It is no stranger to us all that Matt loves his hymns, the songs of yesteryear that have much relevance now as it did back when they were written. And thus, we see a flurry of songs that have incorporated hymn or hymn stanzas into the song in one form or another. ‘What a Friend’ is a twist on the ever-loved hymn ‘What a Friend We Have in Jesus’, full of joyous hand claps and a moment where we realise that Matt has delivered a party-song, full of exuberance and passion, and a rousing track worthy of been on the airwaves…soon. ‘Just as I Am’ is a song that has taken its inspiration from the hymn of the same name, and…that’s where the resemblance ends. Matt has written an original track titled ‘Just As I Am’, and is a modern hymn for the new generation, with the same passion and themes that were discussed in the hymn written long ago. Yes, I’m sure that many who hear this song expecting to hear Matt cover the hymn may be disappointed, but if Matt writing this song can encourage people to become more engaged with the worship music of today, that what can be written now can have the same power and influence as many timeless hymns, I’m all for it. Matt also provides a stirring piano prominent hymn-like rendition of ‘Awake My Soul (A Thousand Tongues)’, originally on Laura Story’s March 2017 album Open Hands (though I preferred Laura’s version better, which was a more radio-friendly arrangement, I thoroughly enjoyed Matt’s version too- more of a reflective piano melody), while ‘Holy’ is a song Matt co-wrote with Chris Tomlin, Hank Bentley, Jason Ingram and Mike Donehey, and a song that sounds like it could be a rousing anthem fit for encouraging people at Passion 2018 next year, especially with a simple chorus lyric that states that God is ‘…holy, You are holy, there is none beside thee…’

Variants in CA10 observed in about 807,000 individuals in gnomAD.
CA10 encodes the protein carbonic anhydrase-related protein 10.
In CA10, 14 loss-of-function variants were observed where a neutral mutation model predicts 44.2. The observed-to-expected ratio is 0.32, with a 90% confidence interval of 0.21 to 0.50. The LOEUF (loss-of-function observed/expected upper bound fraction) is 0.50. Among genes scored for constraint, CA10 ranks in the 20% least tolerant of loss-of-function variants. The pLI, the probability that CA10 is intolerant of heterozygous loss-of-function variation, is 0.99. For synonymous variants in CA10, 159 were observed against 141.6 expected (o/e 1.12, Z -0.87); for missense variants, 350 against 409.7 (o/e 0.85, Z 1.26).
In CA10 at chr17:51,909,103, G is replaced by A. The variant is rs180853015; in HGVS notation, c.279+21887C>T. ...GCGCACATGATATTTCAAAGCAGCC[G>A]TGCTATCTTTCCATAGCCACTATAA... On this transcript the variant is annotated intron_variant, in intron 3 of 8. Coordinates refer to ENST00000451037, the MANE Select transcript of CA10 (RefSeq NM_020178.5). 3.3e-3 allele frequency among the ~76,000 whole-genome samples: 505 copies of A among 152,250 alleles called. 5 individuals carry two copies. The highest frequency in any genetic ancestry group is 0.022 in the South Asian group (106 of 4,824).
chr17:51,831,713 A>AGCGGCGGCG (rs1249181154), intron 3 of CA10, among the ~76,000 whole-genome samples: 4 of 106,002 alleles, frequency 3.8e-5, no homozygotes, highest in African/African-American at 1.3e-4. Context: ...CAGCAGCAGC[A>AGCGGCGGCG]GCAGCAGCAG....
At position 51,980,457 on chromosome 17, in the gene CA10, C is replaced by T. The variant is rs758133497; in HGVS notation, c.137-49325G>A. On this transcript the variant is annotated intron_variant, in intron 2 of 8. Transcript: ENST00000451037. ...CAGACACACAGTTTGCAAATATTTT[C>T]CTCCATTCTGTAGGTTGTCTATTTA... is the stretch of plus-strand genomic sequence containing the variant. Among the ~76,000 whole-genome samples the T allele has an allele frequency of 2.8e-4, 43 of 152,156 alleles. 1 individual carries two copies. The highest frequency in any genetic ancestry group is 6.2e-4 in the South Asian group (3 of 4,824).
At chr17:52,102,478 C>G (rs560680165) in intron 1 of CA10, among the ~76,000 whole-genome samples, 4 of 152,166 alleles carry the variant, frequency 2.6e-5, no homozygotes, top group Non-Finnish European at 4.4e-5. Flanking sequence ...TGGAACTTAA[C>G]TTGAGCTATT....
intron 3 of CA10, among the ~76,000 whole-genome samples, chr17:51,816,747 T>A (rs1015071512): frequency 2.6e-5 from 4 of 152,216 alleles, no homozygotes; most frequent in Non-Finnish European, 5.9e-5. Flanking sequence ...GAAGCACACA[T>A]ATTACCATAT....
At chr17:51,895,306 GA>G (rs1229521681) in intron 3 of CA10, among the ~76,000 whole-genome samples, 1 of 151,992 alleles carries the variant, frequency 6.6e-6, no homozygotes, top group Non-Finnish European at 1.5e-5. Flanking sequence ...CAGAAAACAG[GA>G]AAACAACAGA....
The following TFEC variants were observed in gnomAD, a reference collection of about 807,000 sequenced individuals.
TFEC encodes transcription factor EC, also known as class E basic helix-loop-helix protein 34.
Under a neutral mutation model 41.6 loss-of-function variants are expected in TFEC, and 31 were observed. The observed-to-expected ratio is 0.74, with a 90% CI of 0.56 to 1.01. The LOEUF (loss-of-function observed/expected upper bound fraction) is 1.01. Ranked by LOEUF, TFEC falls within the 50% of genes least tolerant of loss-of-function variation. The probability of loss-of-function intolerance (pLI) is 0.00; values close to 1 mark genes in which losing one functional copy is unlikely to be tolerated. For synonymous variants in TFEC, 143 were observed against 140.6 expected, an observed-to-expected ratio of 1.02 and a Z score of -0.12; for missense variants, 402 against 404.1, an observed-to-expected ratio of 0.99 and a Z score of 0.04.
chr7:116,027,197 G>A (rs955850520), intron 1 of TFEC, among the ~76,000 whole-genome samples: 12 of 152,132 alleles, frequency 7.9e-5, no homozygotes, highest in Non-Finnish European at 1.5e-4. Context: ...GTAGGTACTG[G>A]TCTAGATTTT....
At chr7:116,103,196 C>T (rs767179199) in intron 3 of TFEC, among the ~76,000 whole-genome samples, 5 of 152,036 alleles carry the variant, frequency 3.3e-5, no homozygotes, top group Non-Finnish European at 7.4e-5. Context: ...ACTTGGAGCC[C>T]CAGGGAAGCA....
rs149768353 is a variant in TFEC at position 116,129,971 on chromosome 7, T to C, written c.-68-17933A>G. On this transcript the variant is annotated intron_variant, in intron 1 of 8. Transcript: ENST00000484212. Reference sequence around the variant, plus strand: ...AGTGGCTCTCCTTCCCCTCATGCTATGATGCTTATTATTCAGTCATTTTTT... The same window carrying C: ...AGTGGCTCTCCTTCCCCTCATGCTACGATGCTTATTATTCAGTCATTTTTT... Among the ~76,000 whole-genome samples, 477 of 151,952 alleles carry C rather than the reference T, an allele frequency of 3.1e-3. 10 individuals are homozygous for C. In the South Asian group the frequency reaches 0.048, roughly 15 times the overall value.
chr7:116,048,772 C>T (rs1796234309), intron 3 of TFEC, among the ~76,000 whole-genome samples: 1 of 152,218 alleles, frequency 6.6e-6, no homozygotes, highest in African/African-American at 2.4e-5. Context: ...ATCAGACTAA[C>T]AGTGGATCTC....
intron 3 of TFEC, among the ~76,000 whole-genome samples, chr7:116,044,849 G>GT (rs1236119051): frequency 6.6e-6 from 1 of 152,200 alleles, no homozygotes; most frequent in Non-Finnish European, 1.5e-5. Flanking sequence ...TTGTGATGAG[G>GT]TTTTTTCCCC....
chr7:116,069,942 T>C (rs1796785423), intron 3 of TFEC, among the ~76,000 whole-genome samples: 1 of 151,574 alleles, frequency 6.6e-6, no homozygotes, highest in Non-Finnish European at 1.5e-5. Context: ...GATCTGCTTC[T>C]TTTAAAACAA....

‘Faithfulness’ wasn’t originally recorded by Matt Maher at all, it was first publicised on Iron Bell Music’s first album that debuted in May 2017, and here on Matt’s version, we hear the beautiful vocals and harmonies of Steffany Gretzinger of Bethel Music, with the song starting off slow before beginning to deliver an anthem certain to become a staple amongst churches around the world on Sunday mornings in the upcoming months ahead. With a song declaring and stating God’s faithfulness in whatever circumstance, this is a song fit for corporate worship, with the repetition of the chorus acting like an asset in the song, as often we in corporate worship need to be reminded of the fact of God’s faithfulness, thus the technique of repetition in such a song like this! ‘Picket Sign’ is a bold song to write in today’s political climate, yet when Jesus was around, He stirred the pot and questioned the status quo…which is why I reckon ‘Picket Sign’ is as much needed in society than we ourselves even think. With words like ‘protest’, ‘stand’, ‘march’, ‘walk’ and ‘justice’ all throughout the song, we are met with the track that will divide as Matt reminds us all that just as we all stand and lift up picket signs for a cause we believe in, so did Jesus figuratively when He died for our sins, and we must all remember the gravity of such a situation as this.
The remaining 5 songs, when heard as a collective whole of 16 tracks from start to finish, can seem like they mesh in together, which can be a little bit of a drawback. ‘Won’t Let Me Down’, ‘Least of These’, ‘The Cross Forever Speaks’, ‘Into Your Hands’ and ‘As Good as it Gets’ all seem to blend together, which is actually more of a bad thing than a good. Maybe it’s because of the fact that the majority of these songs were written with Jason Ingram, CCM’s go-to songwriter. Maybe it’s the fact that all these 5 tracks are radio friendly and could find varying degrees of success on radio. Whatever the case, listening to them all together isn’t really a good thing to do. But…when you listen to these songs on their own, take the time to let the lyrics sink in, when we hear the biblical truths spoken through these songs into our hearts, these tracks can easily be some of the most emotive and hard-hitting ‘worship’ songs I’ve heard this year, period. Funny how when you hear songs together, you don’t get the same impact as when you hear them one at a time. Nevertheless, Matt has left his most poignant set of songs to last.